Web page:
Personal Line of Credit
A personal line of credit is a revolving source of funds that acts like a credit card.
Funds may be spent up to a certain limit, and can be spent again once paid back.
You accumulate interest only on funds you spend, and have a minimum monthly balance to pay.
Does a Personal Line of Credit Show on Your Credit Report?
When you apply for a personal line of credit, your lender may wish to do a hard inquiry on you.
This is an in depth look into your credit score and history, and it may impact your credit score.
Generally, if your credit is poor, it is better to consider other options for access to cash.
Line of Credit Definition
<iframe width=”560″ height=”315″ src=”https://www.youtube.com/embed/TSr_uZSpPyk” frameborder=”0″ allow=”accelerometer; autoplay; encrypted-media; gyroscope; picture-in-picture” allowfullscreen></iframe><p><i> Video created by <a href=”https://www.financestrategists.com/terms/loc/”>Finance Strategists</a>.</i></p>
What Is a Line of Credit?
A line of credit, or LOC, is money lent to an individual or business which the borrower pays interest on.
Depending on the type of LOC, the client either receives a lump sum, or is allowed to “draw against” their line of credit to make purchases, until the credit limit is reached.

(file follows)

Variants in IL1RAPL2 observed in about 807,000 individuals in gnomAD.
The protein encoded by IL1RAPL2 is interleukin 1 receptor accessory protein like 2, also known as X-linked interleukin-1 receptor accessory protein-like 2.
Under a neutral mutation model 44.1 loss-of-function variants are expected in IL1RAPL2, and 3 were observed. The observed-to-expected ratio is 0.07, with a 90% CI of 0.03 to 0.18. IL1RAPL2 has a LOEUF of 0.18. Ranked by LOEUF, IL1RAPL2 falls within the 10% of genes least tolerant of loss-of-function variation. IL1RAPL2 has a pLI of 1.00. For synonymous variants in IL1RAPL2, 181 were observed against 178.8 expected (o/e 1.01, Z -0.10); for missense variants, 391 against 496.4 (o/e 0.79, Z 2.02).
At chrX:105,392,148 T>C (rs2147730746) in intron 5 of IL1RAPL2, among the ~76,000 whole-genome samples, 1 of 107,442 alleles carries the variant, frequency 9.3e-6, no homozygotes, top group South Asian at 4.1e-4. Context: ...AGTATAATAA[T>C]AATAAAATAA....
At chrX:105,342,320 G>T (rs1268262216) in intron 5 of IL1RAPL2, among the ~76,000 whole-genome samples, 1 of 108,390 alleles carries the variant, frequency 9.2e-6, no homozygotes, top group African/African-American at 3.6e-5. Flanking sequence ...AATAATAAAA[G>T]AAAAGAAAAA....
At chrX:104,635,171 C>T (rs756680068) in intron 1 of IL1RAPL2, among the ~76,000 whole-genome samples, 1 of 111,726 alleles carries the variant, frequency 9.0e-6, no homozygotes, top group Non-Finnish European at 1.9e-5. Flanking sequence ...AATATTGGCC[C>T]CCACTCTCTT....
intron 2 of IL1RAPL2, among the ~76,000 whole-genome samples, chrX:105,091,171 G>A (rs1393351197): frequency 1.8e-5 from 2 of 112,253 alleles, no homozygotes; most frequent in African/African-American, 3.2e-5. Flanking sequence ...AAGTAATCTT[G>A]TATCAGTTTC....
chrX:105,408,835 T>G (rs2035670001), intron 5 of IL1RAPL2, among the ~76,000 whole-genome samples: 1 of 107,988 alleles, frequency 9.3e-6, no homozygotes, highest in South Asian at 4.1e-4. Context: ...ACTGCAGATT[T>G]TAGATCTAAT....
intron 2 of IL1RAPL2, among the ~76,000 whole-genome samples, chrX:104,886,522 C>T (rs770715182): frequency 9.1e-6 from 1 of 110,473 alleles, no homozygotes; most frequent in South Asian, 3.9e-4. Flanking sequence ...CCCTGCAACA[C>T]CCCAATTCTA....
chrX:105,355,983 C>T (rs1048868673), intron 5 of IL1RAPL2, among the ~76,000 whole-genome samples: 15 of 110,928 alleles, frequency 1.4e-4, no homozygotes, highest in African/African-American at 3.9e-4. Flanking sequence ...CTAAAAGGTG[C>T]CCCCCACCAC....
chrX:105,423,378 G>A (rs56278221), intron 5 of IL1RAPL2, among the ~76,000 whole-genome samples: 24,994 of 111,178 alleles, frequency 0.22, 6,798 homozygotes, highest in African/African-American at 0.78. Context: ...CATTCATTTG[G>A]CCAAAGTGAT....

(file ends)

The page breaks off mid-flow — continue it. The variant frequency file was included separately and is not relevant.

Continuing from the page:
Typically lines of credit are given by banks, such as when an individual is issued a credit card.
What Is a Line of Credit and How Does it Work? Revolving vs Non-Revolving
Lines of credit will either remain open, or will close, once the loan has been repaid.
Revolving lines of credit are considered “revolving” because an individual’s credit is replenished when some or all of the outstanding debt has been paid off.
In contrast, a non-revolving line of credit is closed once the account is fully paid off, such as a student loan or mortgage.
Non-revolving credit usually has a lower interest rate.
How Does a Line of Credit Work? Secured vs Unsecured
Loans may be unsecured loans, or secured by collateral.
A home equity loan is an example of a collateralized loan, whereby the home is the collateral and will be claimed by the creditor in the event of a default on the loan.
Credit card loans are almost always unsecured, which causes creditors to take on more risk and is why credit card interest rates are generally higher and the borrowing limits are generally lower than secured loans.